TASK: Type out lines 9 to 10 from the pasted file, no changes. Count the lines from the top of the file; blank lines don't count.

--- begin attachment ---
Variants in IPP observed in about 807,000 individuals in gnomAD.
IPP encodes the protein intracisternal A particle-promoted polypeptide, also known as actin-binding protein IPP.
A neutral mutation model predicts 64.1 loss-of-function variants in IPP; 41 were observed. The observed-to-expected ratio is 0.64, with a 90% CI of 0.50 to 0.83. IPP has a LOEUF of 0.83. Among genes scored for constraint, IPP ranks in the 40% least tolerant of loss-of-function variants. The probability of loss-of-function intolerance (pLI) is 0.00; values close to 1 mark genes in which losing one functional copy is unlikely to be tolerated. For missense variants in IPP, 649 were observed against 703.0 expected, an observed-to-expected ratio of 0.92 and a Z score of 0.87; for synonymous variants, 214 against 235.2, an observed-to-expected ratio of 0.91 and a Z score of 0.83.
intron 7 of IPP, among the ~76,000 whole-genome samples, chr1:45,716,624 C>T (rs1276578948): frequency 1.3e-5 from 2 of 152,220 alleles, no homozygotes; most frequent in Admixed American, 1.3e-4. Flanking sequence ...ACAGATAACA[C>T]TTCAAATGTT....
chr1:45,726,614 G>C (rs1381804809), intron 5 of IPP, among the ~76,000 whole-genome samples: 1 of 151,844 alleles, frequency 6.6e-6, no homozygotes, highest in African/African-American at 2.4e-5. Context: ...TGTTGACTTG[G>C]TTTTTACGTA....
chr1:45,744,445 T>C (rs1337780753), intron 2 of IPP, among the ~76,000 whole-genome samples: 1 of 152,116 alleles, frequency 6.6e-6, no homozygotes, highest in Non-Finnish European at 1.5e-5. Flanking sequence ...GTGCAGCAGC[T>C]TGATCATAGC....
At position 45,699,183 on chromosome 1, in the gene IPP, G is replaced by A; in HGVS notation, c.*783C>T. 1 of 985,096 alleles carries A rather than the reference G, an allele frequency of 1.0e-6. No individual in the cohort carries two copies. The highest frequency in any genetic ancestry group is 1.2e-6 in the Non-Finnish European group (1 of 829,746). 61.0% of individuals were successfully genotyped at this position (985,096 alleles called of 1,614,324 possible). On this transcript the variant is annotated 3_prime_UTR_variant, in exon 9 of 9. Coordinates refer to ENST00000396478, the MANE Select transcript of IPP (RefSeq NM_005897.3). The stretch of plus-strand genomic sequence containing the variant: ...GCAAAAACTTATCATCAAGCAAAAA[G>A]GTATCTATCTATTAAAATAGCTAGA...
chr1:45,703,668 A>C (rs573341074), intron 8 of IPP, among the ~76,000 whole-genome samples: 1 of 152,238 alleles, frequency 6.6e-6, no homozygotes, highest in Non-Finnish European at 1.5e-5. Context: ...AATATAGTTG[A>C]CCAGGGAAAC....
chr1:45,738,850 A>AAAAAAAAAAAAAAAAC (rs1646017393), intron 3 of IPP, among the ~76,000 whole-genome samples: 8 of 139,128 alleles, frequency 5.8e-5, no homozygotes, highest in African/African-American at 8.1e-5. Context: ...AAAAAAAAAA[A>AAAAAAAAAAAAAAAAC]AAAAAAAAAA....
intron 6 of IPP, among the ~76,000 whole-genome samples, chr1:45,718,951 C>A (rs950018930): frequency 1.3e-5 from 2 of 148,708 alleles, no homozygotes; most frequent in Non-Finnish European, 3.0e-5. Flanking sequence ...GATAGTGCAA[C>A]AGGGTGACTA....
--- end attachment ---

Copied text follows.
chr1:45,738,850 A>AAAAAAAAAAAAAAAAC (rs1646017393), intron 3 of IPP, among the ~76,000 whole-genome samples: 8 of 139,128 alleles, frequency 5.8e-5, no homozygotes, highest in African/African-American at 8.1e-5. Context: ...AAAAAAAAAA[A>AAAAAAAAAAAAAAAAC]AAAAAAAAAA....
intron 6 of IPP, among the ~76,000 whole-genome samples, chr1:45,718,951 C>A (rs950018930): frequency 1.3e-5 from 2 of 148,708 alleles, no homozygotes; most frequent in Non-Finnish European, 3.0e-5. Flanking sequence ...GATAGTGCAA[C>A]AGGGTGACTA....